I’ve always loved Charles Schulz’s penchant for mixing hilarity with profound messages through his “Peanuts” characters. That skill is evident in “A Charlie Brown Christmas,” when Linus famously points out — by reciting Luke 2:8-14 — that his peers have their Christmas priorities all wrong.
However, the deeper meaning isn’t so clear to me in “It’s the Great Pumpkin, Charlie Brown” which debuted on television in 1966, one year after the Peanuts’ Christmas special.
I find it rather spooky, if you will, that Linus — who had displayed such beyond-his-years wisdom by nailing the true meaning of Christmas — now idolizes a being that nobody else has ever heard of. In fact, he skips a Halloween party and trick-or-treating just to wait for the Great Pumpkin to bring him toys in a pumpkin patch.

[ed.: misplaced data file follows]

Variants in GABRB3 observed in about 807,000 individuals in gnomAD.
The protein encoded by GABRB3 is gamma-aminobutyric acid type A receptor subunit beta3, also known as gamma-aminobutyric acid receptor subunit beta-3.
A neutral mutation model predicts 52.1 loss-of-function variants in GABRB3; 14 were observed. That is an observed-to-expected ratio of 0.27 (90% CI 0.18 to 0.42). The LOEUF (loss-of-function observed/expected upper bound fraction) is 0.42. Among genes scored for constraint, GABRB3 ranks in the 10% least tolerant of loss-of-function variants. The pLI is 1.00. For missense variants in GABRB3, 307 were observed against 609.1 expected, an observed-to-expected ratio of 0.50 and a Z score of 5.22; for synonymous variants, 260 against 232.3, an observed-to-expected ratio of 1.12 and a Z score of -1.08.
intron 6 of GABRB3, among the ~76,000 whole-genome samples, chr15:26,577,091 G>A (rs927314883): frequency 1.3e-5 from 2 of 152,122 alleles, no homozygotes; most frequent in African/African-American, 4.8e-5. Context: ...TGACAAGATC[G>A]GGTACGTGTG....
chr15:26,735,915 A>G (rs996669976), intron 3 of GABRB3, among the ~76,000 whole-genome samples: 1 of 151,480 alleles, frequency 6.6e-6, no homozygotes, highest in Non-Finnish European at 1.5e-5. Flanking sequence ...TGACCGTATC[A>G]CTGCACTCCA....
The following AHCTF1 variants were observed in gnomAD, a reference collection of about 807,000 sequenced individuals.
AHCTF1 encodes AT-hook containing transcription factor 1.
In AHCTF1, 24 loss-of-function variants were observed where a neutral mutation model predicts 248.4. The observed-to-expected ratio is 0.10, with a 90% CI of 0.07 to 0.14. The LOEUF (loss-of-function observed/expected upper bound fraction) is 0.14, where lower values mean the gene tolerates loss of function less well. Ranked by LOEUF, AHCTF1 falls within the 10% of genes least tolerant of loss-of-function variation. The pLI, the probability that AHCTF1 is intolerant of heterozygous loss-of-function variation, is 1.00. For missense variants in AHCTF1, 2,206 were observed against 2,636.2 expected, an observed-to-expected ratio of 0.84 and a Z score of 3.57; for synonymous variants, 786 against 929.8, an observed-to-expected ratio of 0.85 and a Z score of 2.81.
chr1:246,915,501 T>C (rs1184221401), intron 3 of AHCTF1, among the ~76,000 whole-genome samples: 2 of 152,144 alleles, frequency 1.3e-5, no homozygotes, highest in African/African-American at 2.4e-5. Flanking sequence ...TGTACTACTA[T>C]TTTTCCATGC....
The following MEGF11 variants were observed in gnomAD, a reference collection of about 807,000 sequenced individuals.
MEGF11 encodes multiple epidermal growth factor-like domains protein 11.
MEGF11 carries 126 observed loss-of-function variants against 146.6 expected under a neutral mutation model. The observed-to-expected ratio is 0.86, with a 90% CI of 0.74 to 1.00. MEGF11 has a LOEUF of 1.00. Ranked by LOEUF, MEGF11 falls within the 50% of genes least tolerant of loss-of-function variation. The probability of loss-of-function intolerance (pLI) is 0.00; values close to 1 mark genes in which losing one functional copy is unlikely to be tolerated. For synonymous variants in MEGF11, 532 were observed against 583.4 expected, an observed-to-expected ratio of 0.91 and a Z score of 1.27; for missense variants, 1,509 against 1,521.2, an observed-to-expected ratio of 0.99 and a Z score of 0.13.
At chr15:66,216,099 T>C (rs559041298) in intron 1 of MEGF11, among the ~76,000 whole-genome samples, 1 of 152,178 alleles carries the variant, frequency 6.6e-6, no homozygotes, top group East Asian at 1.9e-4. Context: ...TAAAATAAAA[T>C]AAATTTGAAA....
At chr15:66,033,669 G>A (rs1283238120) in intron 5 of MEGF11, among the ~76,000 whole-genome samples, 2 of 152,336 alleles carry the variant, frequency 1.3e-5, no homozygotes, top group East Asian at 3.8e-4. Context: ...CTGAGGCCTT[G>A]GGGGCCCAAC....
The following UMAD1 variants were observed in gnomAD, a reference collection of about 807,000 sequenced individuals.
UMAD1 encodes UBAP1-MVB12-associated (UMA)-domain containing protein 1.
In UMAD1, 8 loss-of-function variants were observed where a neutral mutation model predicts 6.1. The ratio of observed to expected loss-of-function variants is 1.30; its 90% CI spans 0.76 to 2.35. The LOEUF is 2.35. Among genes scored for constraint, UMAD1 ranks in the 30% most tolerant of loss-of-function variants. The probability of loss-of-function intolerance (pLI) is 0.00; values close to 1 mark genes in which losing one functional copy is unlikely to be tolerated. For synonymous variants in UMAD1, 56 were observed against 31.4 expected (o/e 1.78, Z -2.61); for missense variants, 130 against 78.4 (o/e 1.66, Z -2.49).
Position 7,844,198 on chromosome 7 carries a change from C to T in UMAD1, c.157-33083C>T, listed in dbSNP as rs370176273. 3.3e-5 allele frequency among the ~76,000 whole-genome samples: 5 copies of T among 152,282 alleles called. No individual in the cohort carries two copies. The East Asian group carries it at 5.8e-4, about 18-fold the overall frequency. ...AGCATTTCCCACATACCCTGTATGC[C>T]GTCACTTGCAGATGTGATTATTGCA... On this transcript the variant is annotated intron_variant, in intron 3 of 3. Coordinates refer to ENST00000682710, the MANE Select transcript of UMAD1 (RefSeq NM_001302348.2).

Is Schulz warning us about worshiping false gods? Is he commenting on how overwrought kids can become about Santa Claus, the Easter Bunny and the Tooth Fairy? That perhaps they shouldn’t cast their lot with mythical characters simply for the sake of getting toys, candy or money?
One also might wonder if the cartoonist is taking a jab at religion and the premise of following something, or someone, that can’t be seen. But I can’t see that kind of intent coming from Schulz, a devout Christian, who actually battled network executives for inclusion of the Luke passage in “A Charlie Brown Christmas."
In the end, I regard “Great Pumpkin” as a triumph of the human spirit — a positive message about sticking to our convictions, even when folks think we’re nuts.
Hey, Linus: I’m a Chicago Cubs fan and last year they won the World Series, which I’d been told many times would never happen. Who am I to say you won’t see the Great Pumpkin tonight?